However, a study completed in 1990 — but didn’t appear until 1997 in the Journal of the American Medical Association — looked at the problem again. Twenty women who were receiving successful treatment for hypothyroidism were put on four different preparations at the same dosage for six weeks at a time. Blood tests taken during this study showed absolutely no difference in any of the preparations. All the preparations met the Food and Drug Administration criterion for equivalent activity. The conclusion was that the preparations, including two brand names and two generics, were sufficiently equal in their activity, and that no reason supported choosing any one over the others. I’m happy to add that my great thyroid mentor, Dr. Francis Greenspan, among others, performed this study. Some allege that one of the brand-name companies making thyroid-hormone replacement originally paid for the preceding study, and that when the study didn’t show that its product was better, the company suppressed the study’s results. Generic thyroid preparations save you money, and you can use them interchangeably with brand-name thyroxine. Because hypothyroidism may not be a stable condition, you still want to have your doctor check your thyroid function regularly (perhaps yearly).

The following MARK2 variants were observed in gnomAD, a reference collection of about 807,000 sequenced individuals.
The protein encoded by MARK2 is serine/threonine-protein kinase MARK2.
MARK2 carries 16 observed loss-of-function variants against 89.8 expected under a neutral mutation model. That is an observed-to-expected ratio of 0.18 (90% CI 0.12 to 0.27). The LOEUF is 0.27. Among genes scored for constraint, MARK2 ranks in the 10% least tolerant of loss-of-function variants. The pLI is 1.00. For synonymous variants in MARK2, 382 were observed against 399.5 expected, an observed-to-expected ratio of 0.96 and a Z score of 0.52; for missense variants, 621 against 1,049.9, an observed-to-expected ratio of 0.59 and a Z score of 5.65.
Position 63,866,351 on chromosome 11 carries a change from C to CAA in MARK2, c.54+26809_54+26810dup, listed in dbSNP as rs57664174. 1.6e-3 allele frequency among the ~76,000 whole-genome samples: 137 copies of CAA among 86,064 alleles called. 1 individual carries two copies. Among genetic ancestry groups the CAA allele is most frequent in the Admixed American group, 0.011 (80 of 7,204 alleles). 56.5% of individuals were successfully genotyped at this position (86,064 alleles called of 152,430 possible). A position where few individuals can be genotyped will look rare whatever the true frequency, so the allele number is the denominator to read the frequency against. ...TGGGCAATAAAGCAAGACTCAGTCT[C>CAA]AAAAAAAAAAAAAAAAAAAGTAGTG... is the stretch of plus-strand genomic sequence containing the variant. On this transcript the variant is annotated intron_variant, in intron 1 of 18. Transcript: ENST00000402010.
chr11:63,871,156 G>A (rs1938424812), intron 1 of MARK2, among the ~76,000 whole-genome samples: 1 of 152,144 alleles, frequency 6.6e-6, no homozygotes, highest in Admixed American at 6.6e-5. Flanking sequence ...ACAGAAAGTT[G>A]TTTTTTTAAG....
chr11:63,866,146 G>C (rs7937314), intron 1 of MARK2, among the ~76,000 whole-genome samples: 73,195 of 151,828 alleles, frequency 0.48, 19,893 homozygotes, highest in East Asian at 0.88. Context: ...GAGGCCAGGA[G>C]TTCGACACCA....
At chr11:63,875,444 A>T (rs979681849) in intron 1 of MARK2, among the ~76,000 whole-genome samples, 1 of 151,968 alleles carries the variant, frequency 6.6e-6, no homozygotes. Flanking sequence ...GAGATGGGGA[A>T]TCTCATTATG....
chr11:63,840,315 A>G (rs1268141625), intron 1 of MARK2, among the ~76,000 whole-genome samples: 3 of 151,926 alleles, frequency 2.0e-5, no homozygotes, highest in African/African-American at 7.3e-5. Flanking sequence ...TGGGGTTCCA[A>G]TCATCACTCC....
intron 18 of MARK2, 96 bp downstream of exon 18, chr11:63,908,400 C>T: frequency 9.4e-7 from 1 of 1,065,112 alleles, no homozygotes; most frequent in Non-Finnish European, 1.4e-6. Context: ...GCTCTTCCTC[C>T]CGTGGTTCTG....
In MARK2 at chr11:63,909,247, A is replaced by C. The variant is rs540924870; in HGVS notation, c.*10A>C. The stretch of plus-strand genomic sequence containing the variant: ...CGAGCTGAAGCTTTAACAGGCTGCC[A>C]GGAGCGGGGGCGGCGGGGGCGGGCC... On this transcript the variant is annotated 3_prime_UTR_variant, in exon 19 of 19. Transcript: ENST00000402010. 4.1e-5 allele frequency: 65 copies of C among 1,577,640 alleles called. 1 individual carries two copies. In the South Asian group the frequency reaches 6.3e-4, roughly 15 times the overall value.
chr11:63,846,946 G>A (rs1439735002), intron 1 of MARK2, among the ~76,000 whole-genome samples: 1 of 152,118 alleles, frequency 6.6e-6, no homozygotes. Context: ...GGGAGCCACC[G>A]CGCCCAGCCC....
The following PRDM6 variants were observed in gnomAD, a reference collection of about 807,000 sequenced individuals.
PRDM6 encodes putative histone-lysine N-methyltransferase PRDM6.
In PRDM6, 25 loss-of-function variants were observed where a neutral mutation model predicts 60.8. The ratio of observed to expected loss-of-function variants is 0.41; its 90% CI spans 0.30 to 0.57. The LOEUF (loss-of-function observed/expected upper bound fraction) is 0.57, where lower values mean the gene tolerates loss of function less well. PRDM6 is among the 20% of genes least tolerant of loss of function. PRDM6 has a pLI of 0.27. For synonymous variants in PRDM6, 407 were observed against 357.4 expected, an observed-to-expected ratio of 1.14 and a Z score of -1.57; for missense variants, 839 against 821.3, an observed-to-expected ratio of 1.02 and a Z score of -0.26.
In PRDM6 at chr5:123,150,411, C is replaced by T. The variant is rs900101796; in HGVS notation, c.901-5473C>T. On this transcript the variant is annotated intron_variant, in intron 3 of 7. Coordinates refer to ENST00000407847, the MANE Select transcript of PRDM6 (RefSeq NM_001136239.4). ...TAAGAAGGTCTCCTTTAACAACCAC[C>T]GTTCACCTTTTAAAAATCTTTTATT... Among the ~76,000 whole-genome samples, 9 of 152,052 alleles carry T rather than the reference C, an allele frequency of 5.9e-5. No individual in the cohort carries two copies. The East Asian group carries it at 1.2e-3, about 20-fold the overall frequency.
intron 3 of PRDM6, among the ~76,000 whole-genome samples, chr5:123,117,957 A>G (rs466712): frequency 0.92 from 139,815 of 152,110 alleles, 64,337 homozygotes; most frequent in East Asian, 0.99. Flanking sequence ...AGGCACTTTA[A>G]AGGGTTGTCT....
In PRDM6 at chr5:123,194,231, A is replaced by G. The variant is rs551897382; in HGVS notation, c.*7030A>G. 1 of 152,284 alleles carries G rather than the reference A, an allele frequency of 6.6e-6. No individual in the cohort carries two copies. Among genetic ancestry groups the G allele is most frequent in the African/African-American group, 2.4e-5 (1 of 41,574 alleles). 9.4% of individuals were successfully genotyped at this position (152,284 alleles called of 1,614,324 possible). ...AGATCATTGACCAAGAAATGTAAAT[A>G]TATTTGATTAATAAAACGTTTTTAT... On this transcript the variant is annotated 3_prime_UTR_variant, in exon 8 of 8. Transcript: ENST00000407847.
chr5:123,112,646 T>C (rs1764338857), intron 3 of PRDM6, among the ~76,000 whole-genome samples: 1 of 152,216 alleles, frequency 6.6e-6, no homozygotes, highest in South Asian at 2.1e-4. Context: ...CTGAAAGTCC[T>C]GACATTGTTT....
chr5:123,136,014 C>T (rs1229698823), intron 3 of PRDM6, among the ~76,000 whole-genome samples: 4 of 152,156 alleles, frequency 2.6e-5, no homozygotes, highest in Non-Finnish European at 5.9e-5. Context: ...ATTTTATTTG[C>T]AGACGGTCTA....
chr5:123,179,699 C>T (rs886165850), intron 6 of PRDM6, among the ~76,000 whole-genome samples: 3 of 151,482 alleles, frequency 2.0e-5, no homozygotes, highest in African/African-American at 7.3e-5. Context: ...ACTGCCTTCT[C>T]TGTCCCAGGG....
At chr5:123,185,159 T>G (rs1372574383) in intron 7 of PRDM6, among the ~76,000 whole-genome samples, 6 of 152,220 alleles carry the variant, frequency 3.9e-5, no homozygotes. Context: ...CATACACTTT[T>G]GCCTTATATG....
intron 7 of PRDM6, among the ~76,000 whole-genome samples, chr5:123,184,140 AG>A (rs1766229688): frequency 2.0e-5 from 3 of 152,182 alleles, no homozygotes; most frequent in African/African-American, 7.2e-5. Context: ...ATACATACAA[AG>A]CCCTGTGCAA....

I Have to Take Thyroid Medication for Life Doctors tell many patients that once they’re on thyroid-hormone replacement, they must take it for life. For many people, this is true. Any treatment that removes or destroys much of the thyroid (such as surgery or radioactive iodine) requires treatment with thyroxine (T4 hormone) for life. However, in certain situations, hypothyroidism is temporary; you may need thyroxine for a time, but you later stop taking it. Sometimes the fact that you no longer need the medication may be obvious, but other times you and your doctor may need to attempt a trial period off thyroid for four to six weeks to see if you still need it. The following are some of the conditions that require thyroid-hormone replacement for a limited amount of time. I explain each in detail in Chapter 11: Subacute thyroiditis causes the temporary breakdown of thyroid cells and the release of thyroxine from the thyroid. As this condition improves, your thyroid begins to make and store thyroxine again, and oral thyroxine is no longer necessary. Silent and postpartum thyroiditis also cause temporary loss of thyroxine, which the body restores with time. Acute thyroiditis occasionally requires temporary treatment with thyroid hormone.